Skip to main content

Gray Television Ties OTT Retrans to Local News

Gray Television
(Image credit: Gray Television)

Gray Television is pushing the FCC to classify over-the-top video providers as MVPDs so they will have to negotiate carriage with stations.

That is according to a presentation to FCC commissioner Nathan Simington and his media advisor, Adam Cassady, by Gray counsel and former FCC commissioner Robert McDowell.

Gray is tying that and request for other regulatory changes to the value of local journalism.

In a presentation to Simington and Cassady, according to an FCC document, McDowell said that because of "quirks" in copyright law and FCC regs, OTT services like Hulu and YouTube TV don't have to negotiate retransmission consent with individual stations.

Also Read: Affiliates Ask FCC to Revive OTT-Regulating Item

Instead, he said, ABC, CBS, Fox and NBC negotiate the agreements then offer them to stations at what he calls rates often "far lower than the stations receive for traditional MVPD retransmission consent."

That, said McDowell and Gray, is a "regulatory distortion" that "artificially reduces
station resources that otherwise would be directed to local news production."

McDowell pointed out that the FCC has a proceeding pending since 2014--when then chairman Tom Wheeler teed it up as a way to promote OTT competition to traditional video--to "correct" the problem by classifying linear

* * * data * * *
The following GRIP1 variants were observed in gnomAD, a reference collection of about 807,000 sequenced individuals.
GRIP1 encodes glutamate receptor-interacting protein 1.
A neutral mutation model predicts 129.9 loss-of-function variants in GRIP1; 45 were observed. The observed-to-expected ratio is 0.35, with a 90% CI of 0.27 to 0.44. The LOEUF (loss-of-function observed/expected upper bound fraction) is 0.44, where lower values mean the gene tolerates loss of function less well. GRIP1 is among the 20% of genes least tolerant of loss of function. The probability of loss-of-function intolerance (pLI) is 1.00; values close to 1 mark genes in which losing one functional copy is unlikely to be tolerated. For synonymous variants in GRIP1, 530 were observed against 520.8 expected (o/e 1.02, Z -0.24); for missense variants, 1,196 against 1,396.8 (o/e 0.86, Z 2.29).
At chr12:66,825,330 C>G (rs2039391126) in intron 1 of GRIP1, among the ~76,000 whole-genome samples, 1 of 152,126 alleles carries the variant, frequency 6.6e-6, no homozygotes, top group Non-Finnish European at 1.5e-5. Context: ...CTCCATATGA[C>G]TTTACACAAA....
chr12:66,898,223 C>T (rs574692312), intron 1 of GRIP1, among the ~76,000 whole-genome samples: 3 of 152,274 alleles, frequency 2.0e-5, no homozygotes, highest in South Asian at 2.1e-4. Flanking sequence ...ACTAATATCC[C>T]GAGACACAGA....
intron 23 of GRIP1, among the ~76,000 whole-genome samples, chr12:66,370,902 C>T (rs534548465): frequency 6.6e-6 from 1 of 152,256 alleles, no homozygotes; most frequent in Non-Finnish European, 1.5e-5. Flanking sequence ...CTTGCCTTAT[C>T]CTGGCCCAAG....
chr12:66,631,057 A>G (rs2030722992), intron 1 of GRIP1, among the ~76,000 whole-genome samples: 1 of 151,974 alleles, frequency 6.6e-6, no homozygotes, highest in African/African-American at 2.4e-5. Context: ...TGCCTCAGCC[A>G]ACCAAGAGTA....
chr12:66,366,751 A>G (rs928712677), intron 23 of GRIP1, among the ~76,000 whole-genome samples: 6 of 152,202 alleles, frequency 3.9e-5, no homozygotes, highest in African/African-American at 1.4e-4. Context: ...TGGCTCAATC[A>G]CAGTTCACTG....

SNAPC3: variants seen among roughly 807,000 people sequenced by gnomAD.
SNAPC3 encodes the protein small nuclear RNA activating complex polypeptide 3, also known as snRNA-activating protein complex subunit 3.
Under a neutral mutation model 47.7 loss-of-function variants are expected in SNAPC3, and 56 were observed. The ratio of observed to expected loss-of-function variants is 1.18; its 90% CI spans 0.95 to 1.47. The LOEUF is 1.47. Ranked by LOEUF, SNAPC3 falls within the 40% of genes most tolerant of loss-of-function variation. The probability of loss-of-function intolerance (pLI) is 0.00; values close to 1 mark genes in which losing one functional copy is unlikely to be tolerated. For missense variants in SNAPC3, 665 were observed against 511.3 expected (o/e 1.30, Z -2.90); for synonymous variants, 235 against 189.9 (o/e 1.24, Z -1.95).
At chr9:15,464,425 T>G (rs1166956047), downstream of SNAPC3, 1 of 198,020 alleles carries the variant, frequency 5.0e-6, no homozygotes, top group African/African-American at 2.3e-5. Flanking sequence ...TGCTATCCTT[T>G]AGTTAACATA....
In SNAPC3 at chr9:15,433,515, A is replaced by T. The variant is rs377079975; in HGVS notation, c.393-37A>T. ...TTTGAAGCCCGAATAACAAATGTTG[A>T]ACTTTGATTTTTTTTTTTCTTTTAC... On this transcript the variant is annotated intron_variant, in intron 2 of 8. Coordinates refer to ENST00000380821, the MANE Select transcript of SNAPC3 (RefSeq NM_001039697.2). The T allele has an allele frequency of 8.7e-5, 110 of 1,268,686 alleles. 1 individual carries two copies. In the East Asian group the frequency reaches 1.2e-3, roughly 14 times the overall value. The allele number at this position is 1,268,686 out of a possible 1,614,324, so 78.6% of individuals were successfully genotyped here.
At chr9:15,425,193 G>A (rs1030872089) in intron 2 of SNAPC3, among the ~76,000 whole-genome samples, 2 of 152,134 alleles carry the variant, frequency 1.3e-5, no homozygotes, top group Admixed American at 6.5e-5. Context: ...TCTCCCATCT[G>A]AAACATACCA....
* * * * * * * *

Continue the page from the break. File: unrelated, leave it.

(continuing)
OTTs as MVPDs when it comes to retransmission consent.

Linear OTTs provide day and date lineups of content channels similar to cable and satellite operators. Wheeler wanted to make sure those OTTs got nondiscriminatory access to programming affiliated with competing cable and satellite distributors.

Last year, and under previous FCC chairman Ajit Pai, the network affiliate associations collectively asked the FCC to reopen the issue, pointing out that OTTs were beyond the reach of retrans and program access rules.

While it had Simington's ear, Gray also called for excluding local news from the FCC rule that if a station providers more than 15% of programming to another, the FCC treats the two as co-owned and thus subject to limits on duopolies. "Excluding local news from this limitation would incentivize stronger stations to supply local news programming to weaker stations and increase the amount of local news content aired in the market," McDowell told them.